• ‘At certain times there can be a million birds in front of you consisting of sandhill cranes, snow geese, cackling geese, white-fronted geese, pintails, wigeons and mallards.’
      • ‘Yet one visitor from Northern Ireland got it right about the museum when she described it as ‘a sanctuary amidst the thousand cackling hens purchasing ever more tacky plastic tartan mugs’.’
      • ‘Whistling women and cackling hens will never come to any good ends.’
      • ‘They waddle around and squawk and cackle and chase each other around the beaches, stumbling all over themselves.’
      • ‘They raised cackling laying hens and pastured fat, spotted steers.’
      • ‘Brown pelicans and frigatebirds with vast wingspans soar on the Leeward thermals, and laughing gulls cackle.’
      • ‘Even if I do not look, I know they are there, because they crow, cackle, purr, flap their wings, and make other sounds of delight, fear, and accomplishment.’
      squawk, cluck, clack
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    2. 1.2 informal Talk at length without acting on what is said.
      • ‘corporate luminaries cackle on about the importance of quality’
      • ‘He cackled on about how things were to be handled while on sea, how to measure the winds strength and just about everything you did not have to know about a ship.’
      • ‘He couldn't take anymore as she cackled on about how well she'd done.’
      • ‘She cackled on about the places we were about to see while with one aged hand she tiredly, and with excruciating slowness, tried to open the envelope that held the key to the first apartment.’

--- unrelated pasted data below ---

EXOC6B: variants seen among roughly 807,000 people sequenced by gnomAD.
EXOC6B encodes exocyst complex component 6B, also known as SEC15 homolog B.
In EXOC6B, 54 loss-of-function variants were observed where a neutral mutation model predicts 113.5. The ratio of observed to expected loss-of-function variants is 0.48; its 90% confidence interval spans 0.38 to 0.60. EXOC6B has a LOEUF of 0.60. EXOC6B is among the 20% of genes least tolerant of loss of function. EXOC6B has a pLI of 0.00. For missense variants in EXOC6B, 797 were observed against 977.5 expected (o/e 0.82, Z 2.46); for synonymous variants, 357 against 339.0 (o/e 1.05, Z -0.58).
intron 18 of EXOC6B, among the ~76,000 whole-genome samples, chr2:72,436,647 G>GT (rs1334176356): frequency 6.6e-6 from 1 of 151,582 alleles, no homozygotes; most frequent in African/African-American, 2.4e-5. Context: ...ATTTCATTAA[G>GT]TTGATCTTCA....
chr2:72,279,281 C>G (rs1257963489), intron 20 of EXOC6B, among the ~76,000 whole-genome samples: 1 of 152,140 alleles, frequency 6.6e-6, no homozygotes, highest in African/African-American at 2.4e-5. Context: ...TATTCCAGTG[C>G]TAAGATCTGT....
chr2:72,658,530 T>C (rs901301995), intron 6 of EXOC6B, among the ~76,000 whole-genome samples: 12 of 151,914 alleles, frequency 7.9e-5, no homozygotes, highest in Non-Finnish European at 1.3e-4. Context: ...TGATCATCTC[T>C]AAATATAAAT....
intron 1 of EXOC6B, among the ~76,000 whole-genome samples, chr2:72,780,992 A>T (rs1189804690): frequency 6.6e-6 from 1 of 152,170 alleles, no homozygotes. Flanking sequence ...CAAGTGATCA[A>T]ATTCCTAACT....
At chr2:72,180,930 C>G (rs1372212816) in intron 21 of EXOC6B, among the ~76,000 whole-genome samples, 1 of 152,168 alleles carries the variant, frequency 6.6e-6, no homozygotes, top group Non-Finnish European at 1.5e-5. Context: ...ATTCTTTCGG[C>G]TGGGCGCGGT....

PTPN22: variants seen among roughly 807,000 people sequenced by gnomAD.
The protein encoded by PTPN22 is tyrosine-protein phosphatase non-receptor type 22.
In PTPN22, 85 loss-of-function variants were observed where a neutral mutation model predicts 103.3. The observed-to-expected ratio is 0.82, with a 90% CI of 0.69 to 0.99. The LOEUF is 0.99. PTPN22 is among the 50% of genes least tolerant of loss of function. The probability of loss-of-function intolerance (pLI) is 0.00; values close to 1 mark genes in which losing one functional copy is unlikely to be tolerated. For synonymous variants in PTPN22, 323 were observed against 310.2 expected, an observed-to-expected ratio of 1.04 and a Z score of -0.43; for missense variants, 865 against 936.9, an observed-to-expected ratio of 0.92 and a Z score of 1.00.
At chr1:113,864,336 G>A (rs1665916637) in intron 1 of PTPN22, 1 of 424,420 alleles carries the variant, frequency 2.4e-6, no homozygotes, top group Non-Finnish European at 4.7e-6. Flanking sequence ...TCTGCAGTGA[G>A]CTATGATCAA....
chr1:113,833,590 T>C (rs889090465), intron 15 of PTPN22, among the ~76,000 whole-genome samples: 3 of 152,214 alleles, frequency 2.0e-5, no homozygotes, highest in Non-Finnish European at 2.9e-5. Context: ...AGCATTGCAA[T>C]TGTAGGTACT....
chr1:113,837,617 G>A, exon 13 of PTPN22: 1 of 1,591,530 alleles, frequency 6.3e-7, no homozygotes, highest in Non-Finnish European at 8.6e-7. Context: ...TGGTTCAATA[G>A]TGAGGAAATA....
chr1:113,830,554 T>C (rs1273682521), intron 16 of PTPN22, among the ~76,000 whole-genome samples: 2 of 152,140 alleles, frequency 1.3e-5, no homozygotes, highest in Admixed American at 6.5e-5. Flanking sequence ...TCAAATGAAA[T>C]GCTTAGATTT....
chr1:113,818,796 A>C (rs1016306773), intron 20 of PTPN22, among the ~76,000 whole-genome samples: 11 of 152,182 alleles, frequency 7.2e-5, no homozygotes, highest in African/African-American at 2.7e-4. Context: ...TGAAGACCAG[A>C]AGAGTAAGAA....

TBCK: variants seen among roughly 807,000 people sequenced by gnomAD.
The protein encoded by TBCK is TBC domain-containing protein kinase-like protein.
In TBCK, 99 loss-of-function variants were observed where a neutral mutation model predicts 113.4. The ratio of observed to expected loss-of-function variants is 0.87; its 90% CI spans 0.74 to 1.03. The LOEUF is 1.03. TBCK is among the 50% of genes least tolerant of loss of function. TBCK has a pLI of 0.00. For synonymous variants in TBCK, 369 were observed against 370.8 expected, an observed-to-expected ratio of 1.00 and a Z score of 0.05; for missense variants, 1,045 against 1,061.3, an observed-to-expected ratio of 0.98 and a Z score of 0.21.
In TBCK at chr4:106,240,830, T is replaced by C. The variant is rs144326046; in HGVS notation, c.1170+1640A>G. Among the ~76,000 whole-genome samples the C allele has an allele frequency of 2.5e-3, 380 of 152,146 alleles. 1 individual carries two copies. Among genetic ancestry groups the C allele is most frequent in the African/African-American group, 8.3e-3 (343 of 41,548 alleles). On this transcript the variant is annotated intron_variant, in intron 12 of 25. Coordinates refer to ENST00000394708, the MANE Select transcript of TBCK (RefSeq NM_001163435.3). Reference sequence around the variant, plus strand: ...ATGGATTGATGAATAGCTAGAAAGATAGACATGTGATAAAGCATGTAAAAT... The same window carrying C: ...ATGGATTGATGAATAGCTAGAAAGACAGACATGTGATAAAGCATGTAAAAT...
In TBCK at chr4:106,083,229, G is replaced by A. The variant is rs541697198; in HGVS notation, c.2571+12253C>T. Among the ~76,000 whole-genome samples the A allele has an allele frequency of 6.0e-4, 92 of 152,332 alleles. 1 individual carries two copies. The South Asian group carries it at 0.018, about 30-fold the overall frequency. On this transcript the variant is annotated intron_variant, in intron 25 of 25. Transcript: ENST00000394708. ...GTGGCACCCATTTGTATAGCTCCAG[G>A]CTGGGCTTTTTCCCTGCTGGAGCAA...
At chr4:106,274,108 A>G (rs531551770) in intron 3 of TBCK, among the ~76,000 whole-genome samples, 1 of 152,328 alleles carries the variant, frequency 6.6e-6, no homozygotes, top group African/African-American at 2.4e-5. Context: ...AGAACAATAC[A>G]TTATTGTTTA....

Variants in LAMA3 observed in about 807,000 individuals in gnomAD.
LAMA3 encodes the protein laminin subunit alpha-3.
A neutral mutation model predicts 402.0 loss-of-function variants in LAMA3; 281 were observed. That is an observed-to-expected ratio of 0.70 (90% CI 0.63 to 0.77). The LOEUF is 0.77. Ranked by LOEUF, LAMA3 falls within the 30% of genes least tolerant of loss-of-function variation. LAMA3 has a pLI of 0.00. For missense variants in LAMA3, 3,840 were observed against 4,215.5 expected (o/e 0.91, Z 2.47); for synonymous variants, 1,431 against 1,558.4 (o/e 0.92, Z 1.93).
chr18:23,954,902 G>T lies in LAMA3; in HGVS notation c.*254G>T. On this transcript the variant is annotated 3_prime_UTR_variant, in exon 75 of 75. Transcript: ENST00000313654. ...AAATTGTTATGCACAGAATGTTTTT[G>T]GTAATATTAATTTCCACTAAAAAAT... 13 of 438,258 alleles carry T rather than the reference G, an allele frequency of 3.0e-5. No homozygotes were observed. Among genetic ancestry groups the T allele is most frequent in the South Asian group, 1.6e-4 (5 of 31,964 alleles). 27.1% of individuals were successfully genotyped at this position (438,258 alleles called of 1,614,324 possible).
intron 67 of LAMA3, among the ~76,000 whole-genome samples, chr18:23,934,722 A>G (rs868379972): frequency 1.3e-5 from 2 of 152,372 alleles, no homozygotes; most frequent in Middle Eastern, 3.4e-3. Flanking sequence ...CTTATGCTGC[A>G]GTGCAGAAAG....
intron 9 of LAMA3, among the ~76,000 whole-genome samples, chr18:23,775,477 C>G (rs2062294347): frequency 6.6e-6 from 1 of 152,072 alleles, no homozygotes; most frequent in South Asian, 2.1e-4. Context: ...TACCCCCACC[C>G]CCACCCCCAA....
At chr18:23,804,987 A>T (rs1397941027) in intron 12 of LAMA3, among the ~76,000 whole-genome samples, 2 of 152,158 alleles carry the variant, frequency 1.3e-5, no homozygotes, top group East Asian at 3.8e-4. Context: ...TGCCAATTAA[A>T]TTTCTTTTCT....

chat, talk idly, chatter, prattle, prate, go on, run on, rattle away, rattle on, gossip, tittle-tattle, tattle, ramble, gabble, jabber, babble, blather, blether, blither, twitter, maunder, drivel, patter, yap, jibber-jabber, cackle
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  • 1A loud, harsh laugh.

    ‘her delighted cackle’
    • ‘He bellowed a loud, insane laugh that sounded more like a cackle than a laugh and lifted his goblet, spilling wine down the front of his long, untamed beard.’
    • ‘As his conversation picks its way determinedly from subject to subject, his speech is measured and occasionally punctuated by loud cackles of laughter or bursts of anger.’
    • ‘Not far away some woman in a house laughs, a mad cackle of a laugh.’
    • ‘Both of them seemed to be getting rather drunk; every time I looked over, their cackles seemed to be louder, and their motions more exaggerated.’
    • ‘Soon she was laughing manically, her cackles echoing throughout the caves.’
    • ‘The speakers laughed, the reedy cackle of a dying old woman.’
    • ‘When she reached the second room, she suppressed a loud cackle, and moved towards the bed, which had been pushed up against the window.’
    • ‘It sounded more like an obnoxious cackle than a real laugh.’
    • ‘He's really quiet and doesn't say anything, but when he laughs it's this really loud scary cackle.’
    • ‘She pulled herself up, and heard a cackle, an evil laugh and cry of pain.’
    • ‘As I am writing this blog entry I can hear Frankie's loud and distinct cackle.’
    • ‘Drake laughed in that manic cackle of his and spun on his heel, his dirty trench coat splaying out around him.’